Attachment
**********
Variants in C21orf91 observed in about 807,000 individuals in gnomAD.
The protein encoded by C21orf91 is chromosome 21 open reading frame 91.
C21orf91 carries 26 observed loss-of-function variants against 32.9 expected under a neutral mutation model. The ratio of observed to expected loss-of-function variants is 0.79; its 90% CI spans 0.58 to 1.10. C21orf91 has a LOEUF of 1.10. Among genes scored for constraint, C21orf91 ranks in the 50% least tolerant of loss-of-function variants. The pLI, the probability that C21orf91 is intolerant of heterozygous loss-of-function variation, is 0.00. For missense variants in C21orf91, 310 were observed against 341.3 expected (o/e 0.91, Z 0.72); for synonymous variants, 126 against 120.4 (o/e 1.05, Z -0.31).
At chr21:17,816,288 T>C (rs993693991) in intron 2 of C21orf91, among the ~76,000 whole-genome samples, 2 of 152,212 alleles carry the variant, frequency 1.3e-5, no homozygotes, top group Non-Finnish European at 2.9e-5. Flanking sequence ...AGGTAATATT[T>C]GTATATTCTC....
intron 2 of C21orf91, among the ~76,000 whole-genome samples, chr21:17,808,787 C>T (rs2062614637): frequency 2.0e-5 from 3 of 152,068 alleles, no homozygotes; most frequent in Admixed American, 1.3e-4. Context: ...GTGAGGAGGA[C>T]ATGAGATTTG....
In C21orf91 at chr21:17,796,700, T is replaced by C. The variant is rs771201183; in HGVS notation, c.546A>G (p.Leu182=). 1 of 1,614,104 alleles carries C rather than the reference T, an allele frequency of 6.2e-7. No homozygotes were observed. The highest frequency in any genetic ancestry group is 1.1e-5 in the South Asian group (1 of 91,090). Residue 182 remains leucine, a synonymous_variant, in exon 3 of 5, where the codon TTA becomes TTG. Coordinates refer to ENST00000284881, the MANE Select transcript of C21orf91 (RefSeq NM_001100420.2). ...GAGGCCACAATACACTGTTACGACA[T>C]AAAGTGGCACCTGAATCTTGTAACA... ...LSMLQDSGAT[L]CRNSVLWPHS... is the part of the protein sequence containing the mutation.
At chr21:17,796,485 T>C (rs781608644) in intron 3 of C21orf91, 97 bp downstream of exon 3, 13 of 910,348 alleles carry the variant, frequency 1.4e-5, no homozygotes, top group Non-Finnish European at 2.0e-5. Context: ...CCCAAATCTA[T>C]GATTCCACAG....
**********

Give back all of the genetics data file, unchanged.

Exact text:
Variants in C21orf91 observed in about 807,000 individuals in gnomAD.
The protein encoded by C21orf91 is chromosome 21 open reading frame 91.
C21orf91 carries 26 observed loss-of-function variants against 32.9 expected under a neutral mutation model. The ratio of observed to expected loss-of-function variants is 0.79; its 90% CI spans 0.58 to 1.10. C21orf91 has a LOEUF of 1.10. Among genes scored for constraint, C21orf91 ranks in the 50% least tolerant of loss-of-function variants. The pLI, the probability that C21orf91 is intolerant of heterozygous loss-of-function variation, is 0.00. For missense variants in C21orf91, 310 were observed against 341.3 expected (o/e 0.91, Z 0.72); for synonymous variants, 126 against 120.4 (o/e 1.05, Z -0.31).
At chr21:17,816,288 T>C (rs993693991) in intron 2 of C21orf91, among the ~76,000 whole-genome samples, 2 of 152,212 alleles carry the variant, frequency 1.3e-5, no homozygotes, top group Non-Finnish European at 2.9e-5. Flanking sequence ...AGGTAATATT[T>C]GTATATTCTC....
intron 2 of C21orf91, among the ~76,000 whole-genome samples, chr21:17,808,787 C>T (rs2062614637): frequency 2.0e-5 from 3 of 152,068 alleles, no homozygotes; most frequent in Admixed American, 1.3e-4. Context: ...GTGAGGAGGA[C>T]ATGAGATTTG....
In C21orf91 at chr21:17,796,700, T is replaced by C. The variant is rs771201183; in HGVS notation, c.546A>G (p.Leu182=). 1 of 1,614,104 alleles carries C rather than the reference T, an allele frequency of 6.2e-7. No homozygotes were observed. The highest frequency in any genetic ancestry group is 1.1e-5 in the South Asian group (1 of 91,090). Residue 182 remains leucine, a synonymous_variant, in exon 3 of 5, where the codon TTA becomes TTG. Coordinates refer to ENST00000284881, the MANE Select transcript of C21orf91 (RefSeq NM_001100420.2). ...GAGGCCACAATACACTGTTACGACA[T>C]AAAGTGGCACCTGAATCTTGTAACA... ...LSMLQDSGAT[L]CRNSVLWPHS... is the part of the protein sequence containing the mutation.
At chr21:17,796,485 T>C (rs781608644) in intron 3 of C21orf91, 97 bp downstream of exon 3, 13 of 910,348 alleles carry the variant, frequency 1.4e-5, no homozygotes, top group Non-Finnish European at 2.0e-5. Context: ...CCCAAATCTA[T>C]GATTCCACAG....